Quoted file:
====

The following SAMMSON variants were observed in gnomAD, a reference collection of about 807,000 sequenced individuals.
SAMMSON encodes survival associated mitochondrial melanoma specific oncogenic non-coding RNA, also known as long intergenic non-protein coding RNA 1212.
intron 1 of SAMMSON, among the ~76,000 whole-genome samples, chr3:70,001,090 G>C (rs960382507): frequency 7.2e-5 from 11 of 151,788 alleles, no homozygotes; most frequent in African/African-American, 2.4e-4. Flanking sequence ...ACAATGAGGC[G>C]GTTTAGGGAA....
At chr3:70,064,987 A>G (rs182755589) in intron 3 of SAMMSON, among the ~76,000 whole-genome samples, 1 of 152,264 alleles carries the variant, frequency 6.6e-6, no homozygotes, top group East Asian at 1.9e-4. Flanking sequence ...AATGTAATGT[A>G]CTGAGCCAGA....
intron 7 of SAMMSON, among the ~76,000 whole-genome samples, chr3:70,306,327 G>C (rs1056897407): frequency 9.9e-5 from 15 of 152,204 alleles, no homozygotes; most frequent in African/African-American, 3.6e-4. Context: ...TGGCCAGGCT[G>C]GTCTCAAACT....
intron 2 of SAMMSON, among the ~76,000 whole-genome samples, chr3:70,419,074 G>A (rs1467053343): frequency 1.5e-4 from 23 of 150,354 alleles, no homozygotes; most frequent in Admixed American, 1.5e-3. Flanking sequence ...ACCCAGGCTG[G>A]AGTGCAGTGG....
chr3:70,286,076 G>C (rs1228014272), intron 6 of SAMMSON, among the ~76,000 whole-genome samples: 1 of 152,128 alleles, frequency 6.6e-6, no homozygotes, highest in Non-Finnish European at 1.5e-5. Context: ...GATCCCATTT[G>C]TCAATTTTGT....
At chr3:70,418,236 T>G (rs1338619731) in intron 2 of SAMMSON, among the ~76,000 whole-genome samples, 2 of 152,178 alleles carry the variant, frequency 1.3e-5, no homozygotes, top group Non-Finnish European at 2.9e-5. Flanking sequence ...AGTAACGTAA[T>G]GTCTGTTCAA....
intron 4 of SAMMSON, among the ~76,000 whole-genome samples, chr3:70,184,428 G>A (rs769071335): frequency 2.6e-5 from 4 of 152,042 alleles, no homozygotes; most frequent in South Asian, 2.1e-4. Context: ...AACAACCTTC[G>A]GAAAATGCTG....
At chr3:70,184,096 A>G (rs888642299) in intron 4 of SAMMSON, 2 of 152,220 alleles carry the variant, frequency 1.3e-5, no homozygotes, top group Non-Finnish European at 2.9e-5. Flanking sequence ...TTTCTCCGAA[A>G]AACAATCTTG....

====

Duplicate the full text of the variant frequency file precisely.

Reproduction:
The following SAMMSON variants were observed in gnomAD, a reference collection of about 807,000 sequenced individuals.
SAMMSON encodes survival associated mitochondrial melanoma specific oncogenic non-coding RNA, also known as long intergenic non-protein coding RNA 1212.
intron 1 of SAMMSON, among the ~76,000 whole-genome samples, chr3:70,001,090 G>C (rs960382507): frequency 7.2e-5 from 11 of 151,788 alleles, no homozygotes; most frequent in African/African-American, 2.4e-4. Flanking sequence ...ACAATGAGGC[G>C]GTTTAGGGAA....
At chr3:70,064,987 A>G (rs182755589) in intron 3 of SAMMSON, among the ~76,000 whole-genome samples, 1 of 152,264 alleles carries the variant, frequency 6.6e-6, no homozygotes, top group East Asian at 1.9e-4. Flanking sequence ...AATGTAATGT[A>G]CTGAGCCAGA....
intron 7 of SAMMSON, among the ~76,000 whole-genome samples, chr3:70,306,327 G>C (rs1056897407): frequency 9.9e-5 from 15 of 152,204 alleles, no homozygotes; most frequent in African/African-American, 3.6e-4. Context: ...TGGCCAGGCT[G>C]GTCTCAAACT....
intron 2 of SAMMSON, among the ~76,000 whole-genome samples, chr3:70,419,074 G>A (rs1467053343): frequency 1.5e-4 from 23 of 150,354 alleles, no homozygotes; most frequent in Admixed American, 1.5e-3. Flanking sequence ...ACCCAGGCTG[G>A]AGTGCAGTGG....
chr3:70,286,076 G>C (rs1228014272), intron 6 of SAMMSON, among the ~76,000 whole-genome samples: 1 of 152,128 alleles, frequency 6.6e-6, no homozygotes, highest in Non-Finnish European at 1.5e-5. Context: ...GATCCCATTT[G>C]TCAATTTTGT....
At chr3:70,418,236 T>G (rs1338619731) in intron 2 of SAMMSON, among the ~76,000 whole-genome samples, 2 of 152,178 alleles carry the variant, frequency 1.3e-5, no homozygotes, top group Non-Finnish European at 2.9e-5. Flanking sequence ...AGTAACGTAA[T>G]GTCTGTTCAA....
intron 4 of SAMMSON, among the ~76,000 whole-genome samples, chr3:70,184,428 G>A (rs769071335): frequency 2.6e-5 from 4 of 152,042 alleles, no homozygotes; most frequent in South Asian, 2.1e-4. Context: ...AACAACCTTC[G>A]GAAAATGCTG....
At chr3:70,184,096 A>G (rs888642299) in intron 4 of SAMMSON, 2 of 152,220 alleles carry the variant, frequency 1.3e-5, no homozygotes, top group Non-Finnish European at 2.9e-5. Flanking sequence ...TTTCTCCGAA[A>G]AACAATCTTG....